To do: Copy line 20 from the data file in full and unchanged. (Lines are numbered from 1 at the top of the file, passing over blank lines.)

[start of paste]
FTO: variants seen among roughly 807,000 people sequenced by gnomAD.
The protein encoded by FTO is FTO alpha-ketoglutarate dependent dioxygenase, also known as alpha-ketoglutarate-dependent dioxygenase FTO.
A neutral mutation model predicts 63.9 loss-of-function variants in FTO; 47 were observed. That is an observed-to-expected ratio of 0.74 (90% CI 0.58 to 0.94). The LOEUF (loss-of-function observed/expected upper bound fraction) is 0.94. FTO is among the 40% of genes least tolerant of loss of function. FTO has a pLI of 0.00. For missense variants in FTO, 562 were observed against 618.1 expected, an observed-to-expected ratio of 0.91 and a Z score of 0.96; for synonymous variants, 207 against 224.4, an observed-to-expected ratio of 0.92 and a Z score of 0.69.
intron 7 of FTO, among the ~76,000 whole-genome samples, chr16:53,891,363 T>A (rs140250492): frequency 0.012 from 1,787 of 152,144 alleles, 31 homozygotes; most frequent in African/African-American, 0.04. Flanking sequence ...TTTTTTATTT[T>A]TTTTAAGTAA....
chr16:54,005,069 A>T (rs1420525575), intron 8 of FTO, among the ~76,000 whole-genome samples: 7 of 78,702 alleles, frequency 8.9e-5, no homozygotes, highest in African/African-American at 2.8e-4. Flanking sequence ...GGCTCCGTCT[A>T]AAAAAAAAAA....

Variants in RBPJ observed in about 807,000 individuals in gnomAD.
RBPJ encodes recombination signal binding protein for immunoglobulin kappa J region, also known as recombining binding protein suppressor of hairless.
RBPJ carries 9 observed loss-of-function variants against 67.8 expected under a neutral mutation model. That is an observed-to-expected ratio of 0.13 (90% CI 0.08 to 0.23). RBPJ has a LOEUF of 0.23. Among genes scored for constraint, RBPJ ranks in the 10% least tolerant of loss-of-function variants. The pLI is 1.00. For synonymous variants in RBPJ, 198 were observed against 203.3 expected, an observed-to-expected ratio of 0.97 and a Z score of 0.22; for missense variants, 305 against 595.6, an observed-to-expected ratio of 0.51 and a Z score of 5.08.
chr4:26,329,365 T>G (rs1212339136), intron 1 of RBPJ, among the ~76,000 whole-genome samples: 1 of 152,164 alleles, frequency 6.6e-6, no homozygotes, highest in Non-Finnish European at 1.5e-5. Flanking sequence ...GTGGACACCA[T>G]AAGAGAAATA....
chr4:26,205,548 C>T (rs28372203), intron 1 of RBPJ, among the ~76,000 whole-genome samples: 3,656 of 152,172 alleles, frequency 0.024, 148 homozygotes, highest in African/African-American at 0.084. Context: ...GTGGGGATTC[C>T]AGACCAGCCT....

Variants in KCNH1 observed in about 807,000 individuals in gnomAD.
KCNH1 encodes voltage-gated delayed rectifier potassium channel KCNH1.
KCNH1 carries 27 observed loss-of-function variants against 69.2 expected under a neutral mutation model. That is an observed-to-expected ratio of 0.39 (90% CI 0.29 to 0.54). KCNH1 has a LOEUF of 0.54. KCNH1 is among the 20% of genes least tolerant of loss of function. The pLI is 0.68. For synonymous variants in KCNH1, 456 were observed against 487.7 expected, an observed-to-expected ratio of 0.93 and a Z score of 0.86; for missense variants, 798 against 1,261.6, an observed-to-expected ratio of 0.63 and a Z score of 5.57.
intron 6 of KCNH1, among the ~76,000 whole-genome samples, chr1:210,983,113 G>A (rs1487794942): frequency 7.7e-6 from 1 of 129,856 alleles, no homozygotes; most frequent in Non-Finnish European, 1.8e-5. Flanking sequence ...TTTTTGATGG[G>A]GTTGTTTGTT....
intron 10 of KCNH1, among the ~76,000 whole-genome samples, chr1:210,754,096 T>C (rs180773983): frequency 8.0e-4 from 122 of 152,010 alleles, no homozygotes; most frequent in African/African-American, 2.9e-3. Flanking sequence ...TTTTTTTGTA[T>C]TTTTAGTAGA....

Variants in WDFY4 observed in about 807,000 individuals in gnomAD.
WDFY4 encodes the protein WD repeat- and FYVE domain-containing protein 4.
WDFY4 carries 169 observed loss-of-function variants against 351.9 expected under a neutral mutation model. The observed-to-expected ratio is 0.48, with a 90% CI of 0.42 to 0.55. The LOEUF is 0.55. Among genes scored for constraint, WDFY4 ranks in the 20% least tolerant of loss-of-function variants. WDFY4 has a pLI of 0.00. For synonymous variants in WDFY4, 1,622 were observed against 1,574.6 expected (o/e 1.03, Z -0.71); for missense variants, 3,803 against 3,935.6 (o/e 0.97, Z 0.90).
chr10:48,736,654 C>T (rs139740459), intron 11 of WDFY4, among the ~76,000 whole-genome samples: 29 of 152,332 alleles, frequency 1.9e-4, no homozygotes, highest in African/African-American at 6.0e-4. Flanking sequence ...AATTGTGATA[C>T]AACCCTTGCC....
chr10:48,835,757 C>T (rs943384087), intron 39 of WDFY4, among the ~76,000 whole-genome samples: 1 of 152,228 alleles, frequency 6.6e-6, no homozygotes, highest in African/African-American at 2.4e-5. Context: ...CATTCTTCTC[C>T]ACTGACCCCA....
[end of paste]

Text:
chr10:48,835,757 C>T (rs943384087), intron 39 of WDFY4, among the ~76,000 whole-genome samples: 1 of 152,228 alleles, frequency 6.6e-6, no homozygotes, highest in African/African-American at 2.4e-5. Context: ...CATTCTTCTC[C>T]ACTGACCCCA....